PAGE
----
27. Multilingualism and translation in the edition of vernacular texts Manolis Papathomopoulos
    Afterword: reading and hearing in Byzantium Elizabeth Jeffreys and Michael Jeffreys.

  • Editors

    Teresa Shawcross, Princeton University, New Jersey
    Teresa Shawcross is Associate Professor of History and Hellenic Studies at Princeton University, New Jersey. Interested in the pre-modern book, she has studied the materiality of manuscripts, the role of authors, translators and scribes, and the interplay between literacy and orality. Publications include: The Chronicle of Morea: Historiography in Crusader Greece (2009).

    Ida Toth, University of Oxford
    Ida Toth is Senior Instructor and Lecturer, and Research Fellow at University of Oxford. She convenes graduate courses in Medieval Latin, Byzantine Greek, and Byzantine Epigraphy. She has published on inscriptional culture and court rhetoric, and on the transmission of the Life of Aesop and the Book of Syntipas the Philosopher.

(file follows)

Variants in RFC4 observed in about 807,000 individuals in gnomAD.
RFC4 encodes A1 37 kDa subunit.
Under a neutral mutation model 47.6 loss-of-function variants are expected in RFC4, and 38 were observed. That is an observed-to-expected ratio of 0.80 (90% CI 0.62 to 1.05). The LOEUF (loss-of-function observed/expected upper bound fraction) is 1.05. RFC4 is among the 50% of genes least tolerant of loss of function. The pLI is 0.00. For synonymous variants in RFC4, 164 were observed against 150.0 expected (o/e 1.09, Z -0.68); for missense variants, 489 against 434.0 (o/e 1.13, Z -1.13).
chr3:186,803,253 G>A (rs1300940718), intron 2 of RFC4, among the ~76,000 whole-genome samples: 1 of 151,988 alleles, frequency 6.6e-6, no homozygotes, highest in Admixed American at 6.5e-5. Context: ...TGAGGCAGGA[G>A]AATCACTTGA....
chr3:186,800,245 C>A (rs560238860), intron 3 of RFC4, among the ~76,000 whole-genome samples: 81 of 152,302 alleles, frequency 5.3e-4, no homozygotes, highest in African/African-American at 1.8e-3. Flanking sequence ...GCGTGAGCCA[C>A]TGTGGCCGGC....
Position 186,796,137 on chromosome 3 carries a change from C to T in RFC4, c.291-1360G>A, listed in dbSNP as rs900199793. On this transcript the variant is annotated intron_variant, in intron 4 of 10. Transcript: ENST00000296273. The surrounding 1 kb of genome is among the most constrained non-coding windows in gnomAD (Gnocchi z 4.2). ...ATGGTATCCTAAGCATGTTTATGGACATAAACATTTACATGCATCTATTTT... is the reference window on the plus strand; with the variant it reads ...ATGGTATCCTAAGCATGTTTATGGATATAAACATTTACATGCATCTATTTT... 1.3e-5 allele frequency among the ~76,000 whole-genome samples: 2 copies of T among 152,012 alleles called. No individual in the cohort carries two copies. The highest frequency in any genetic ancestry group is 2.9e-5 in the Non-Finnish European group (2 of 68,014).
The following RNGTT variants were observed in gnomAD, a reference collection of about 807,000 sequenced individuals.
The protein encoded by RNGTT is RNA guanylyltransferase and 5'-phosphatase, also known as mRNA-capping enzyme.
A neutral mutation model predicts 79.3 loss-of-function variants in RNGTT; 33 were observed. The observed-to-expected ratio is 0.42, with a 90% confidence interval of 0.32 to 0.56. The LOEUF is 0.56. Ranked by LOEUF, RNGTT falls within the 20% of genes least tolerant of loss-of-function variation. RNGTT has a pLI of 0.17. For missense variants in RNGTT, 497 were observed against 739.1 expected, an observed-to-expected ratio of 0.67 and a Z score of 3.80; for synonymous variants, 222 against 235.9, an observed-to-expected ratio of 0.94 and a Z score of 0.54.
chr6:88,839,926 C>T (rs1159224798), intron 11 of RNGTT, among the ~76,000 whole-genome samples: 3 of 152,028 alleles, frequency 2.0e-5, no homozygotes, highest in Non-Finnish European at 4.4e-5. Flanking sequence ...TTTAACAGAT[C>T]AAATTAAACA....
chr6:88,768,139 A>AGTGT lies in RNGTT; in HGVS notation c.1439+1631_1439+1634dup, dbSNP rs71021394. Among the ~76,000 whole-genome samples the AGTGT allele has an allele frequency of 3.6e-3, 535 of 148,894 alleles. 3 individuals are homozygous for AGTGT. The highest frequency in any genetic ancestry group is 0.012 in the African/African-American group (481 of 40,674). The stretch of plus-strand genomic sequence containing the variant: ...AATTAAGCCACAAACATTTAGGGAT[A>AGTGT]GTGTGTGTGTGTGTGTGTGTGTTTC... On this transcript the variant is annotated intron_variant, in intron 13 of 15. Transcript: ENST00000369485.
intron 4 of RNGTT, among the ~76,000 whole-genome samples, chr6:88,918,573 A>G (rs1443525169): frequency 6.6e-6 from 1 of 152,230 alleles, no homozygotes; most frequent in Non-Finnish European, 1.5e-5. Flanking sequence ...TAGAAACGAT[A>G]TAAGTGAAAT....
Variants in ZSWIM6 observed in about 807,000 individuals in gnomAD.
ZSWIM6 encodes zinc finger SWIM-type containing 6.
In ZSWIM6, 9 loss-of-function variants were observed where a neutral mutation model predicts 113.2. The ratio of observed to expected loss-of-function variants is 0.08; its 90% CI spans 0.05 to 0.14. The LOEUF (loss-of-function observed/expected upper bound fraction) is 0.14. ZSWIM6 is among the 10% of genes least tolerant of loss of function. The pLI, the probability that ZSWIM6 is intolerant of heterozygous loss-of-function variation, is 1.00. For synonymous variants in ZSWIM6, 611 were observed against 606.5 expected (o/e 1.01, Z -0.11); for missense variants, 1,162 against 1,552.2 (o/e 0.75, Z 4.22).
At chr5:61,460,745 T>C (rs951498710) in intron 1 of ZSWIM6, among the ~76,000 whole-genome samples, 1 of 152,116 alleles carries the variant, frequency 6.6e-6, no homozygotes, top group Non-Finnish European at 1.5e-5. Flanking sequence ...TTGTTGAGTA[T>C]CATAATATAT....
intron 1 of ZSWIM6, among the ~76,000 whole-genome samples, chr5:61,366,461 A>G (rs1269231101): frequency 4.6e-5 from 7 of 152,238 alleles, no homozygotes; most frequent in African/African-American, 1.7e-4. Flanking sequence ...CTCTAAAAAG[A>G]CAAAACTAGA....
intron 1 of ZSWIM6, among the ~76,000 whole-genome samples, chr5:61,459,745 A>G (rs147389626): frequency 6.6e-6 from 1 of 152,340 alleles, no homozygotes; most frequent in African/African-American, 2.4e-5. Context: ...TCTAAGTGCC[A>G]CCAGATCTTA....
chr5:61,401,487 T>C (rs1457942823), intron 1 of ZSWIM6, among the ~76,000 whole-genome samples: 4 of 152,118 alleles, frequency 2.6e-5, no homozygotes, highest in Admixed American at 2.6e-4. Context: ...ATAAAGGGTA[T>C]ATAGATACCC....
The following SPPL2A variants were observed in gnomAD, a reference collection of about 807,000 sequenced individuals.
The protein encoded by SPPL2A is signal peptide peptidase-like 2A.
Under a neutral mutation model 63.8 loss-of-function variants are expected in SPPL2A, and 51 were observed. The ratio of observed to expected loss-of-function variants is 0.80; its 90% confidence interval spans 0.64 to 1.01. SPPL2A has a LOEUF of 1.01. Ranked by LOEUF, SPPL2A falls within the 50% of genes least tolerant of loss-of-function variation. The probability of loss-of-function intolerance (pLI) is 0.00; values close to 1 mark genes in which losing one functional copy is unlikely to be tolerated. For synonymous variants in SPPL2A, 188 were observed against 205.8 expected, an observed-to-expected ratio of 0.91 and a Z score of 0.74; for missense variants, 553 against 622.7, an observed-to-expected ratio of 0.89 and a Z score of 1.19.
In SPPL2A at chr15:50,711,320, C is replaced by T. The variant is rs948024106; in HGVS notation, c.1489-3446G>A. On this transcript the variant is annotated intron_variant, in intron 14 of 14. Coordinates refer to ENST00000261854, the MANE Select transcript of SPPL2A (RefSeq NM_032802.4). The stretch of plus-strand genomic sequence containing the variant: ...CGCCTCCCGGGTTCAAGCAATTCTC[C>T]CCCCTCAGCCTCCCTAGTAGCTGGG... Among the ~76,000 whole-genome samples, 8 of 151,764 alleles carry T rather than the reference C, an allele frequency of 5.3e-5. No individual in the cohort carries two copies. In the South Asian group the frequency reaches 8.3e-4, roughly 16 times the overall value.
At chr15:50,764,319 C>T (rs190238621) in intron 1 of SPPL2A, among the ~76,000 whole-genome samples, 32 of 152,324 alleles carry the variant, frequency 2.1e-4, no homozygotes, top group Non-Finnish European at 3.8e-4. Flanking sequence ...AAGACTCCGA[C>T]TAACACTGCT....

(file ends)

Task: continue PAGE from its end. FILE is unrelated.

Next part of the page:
Contributors

    Teresa Shawcross, Ida Toth, Marina Bazzani, Michael Angold, Judith R. Ryder, Paul Magdalino, Tassos Papacostas, Panagiotis Roilos, Jonathan Shepard, Niels Gaul, David M. Gwynn, Manolis S. Patedakis, Alessandra Bucossi, Peter Frankopan, Günter Prinzing, Ulrich Moennig, Dimitrios Skrekas, Liz James, Margaret Mullett, Maja Kominko, Tim Greenwood, James Howard-Johnston, Roderick Beaton, Fiona K. Haarer, John Duffy, Marjolijne C. Janssen, Marc D. Lauxtermann, Erich Trapp, Manolis Papathomopoulos, Elizabeth Jeffreys, Michael Jeffreys